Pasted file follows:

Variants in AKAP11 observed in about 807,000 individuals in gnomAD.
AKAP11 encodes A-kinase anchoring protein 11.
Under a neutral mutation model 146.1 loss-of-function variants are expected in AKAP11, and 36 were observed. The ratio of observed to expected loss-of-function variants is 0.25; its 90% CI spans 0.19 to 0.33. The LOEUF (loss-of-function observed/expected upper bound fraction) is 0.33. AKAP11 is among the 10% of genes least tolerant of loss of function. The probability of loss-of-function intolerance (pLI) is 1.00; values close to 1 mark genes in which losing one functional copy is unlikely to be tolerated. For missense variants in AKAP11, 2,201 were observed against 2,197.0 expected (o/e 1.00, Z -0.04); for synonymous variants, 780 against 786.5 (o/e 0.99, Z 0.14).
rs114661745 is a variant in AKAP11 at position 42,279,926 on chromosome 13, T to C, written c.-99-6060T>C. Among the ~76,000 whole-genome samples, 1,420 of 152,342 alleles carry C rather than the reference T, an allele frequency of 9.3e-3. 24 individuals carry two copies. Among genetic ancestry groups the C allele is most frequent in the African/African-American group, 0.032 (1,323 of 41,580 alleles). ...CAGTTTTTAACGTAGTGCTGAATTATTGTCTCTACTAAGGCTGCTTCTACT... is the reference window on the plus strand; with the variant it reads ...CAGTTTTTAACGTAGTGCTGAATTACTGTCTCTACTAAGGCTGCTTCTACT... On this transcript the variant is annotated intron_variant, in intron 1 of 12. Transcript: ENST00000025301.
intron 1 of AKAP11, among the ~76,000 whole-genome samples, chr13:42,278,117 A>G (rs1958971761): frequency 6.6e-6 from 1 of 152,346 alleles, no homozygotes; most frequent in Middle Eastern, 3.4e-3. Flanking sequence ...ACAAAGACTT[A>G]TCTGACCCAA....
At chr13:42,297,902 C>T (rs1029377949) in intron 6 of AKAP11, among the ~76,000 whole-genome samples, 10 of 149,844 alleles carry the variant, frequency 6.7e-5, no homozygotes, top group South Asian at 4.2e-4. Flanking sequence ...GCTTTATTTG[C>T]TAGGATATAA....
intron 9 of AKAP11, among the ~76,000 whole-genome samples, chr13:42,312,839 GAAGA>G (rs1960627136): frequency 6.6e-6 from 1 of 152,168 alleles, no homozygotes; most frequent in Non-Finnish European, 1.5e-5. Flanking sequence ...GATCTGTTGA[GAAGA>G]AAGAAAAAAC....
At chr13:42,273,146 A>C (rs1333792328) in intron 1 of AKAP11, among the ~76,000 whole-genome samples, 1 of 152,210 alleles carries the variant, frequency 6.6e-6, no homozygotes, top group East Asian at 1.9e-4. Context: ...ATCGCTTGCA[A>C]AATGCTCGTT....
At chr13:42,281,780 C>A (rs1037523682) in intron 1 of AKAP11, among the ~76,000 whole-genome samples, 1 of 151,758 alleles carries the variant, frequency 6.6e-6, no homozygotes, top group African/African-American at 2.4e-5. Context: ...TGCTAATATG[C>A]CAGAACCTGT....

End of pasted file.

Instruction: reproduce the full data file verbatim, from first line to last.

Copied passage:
Variants in AKAP11 observed in about 807,000 individuals in gnomAD.
AKAP11 encodes A-kinase anchoring protein 11.
Under a neutral mutation model 146.1 loss-of-function variants are expected in AKAP11, and 36 were observed. The ratio of observed to expected loss-of-function variants is 0.25; its 90% CI spans 0.19 to 0.33. The LOEUF (loss-of-function observed/expected upper bound fraction) is 0.33. AKAP11 is among the 10% of genes least tolerant of loss of function. The probability of loss-of-function intolerance (pLI) is 1.00; values close to 1 mark genes in which losing one functional copy is unlikely to be tolerated. For missense variants in AKAP11, 2,201 were observed against 2,197.0 expected (o/e 1.00, Z -0.04); for synonymous variants, 780 against 786.5 (o/e 0.99, Z 0.14).
rs114661745 is a variant in AKAP11 at position 42,279,926 on chromosome 13, T to C, written c.-99-6060T>C. Among the ~76,000 whole-genome samples, 1,420 of 152,342 alleles carry C rather than the reference T, an allele frequency of 9.3e-3. 24 individuals carry two copies. Among genetic ancestry groups the C allele is most frequent in the African/African-American group, 0.032 (1,323 of 41,580 alleles). ...CAGTTTTTAACGTAGTGCTGAATTATTGTCTCTACTAAGGCTGCTTCTACT... is the reference window on the plus strand; with the variant it reads ...CAGTTTTTAACGTAGTGCTGAATTACTGTCTCTACTAAGGCTGCTTCTACT... On this transcript the variant is annotated intron_variant, in intron 1 of 12. Transcript: ENST00000025301.
intron 1 of AKAP11, among the ~76,000 whole-genome samples, chr13:42,278,117 A>G (rs1958971761): frequency 6.6e-6 from 1 of 152,346 alleles, no homozygotes; most frequent in Middle Eastern, 3.4e-3. Flanking sequence ...ACAAAGACTT[A>G]TCTGACCCAA....
At chr13:42,297,902 C>T (rs1029377949) in intron 6 of AKAP11, among the ~76,000 whole-genome samples, 10 of 149,844 alleles carry the variant, frequency 6.7e-5, no homozygotes, top group South Asian at 4.2e-4. Flanking sequence ...GCTTTATTTG[C>T]TAGGATATAA....
intron 9 of AKAP11, among the ~76,000 whole-genome samples, chr13:42,312,839 GAAGA>G (rs1960627136): frequency 6.6e-6 from 1 of 152,168 alleles, no homozygotes; most frequent in Non-Finnish European, 1.5e-5. Flanking sequence ...GATCTGTTGA[GAAGA>G]AAGAAAAAAC....
At chr13:42,273,146 A>C (rs1333792328) in intron 1 of AKAP11, among the ~76,000 whole-genome samples, 1 of 152,210 alleles carries the variant, frequency 6.6e-6, no homozygotes, top group East Asian at 1.9e-4. Context: ...ATCGCTTGCA[A>C]AATGCTCGTT....
At chr13:42,281,780 C>A (rs1037523682) in intron 1 of AKAP11, among the ~76,000 whole-genome samples, 1 of 151,758 alleles carries the variant, frequency 6.6e-6, no homozygotes, top group African/African-American at 2.4e-5. Context: ...TGCTAATATG[C>A]CAGAACCTGT....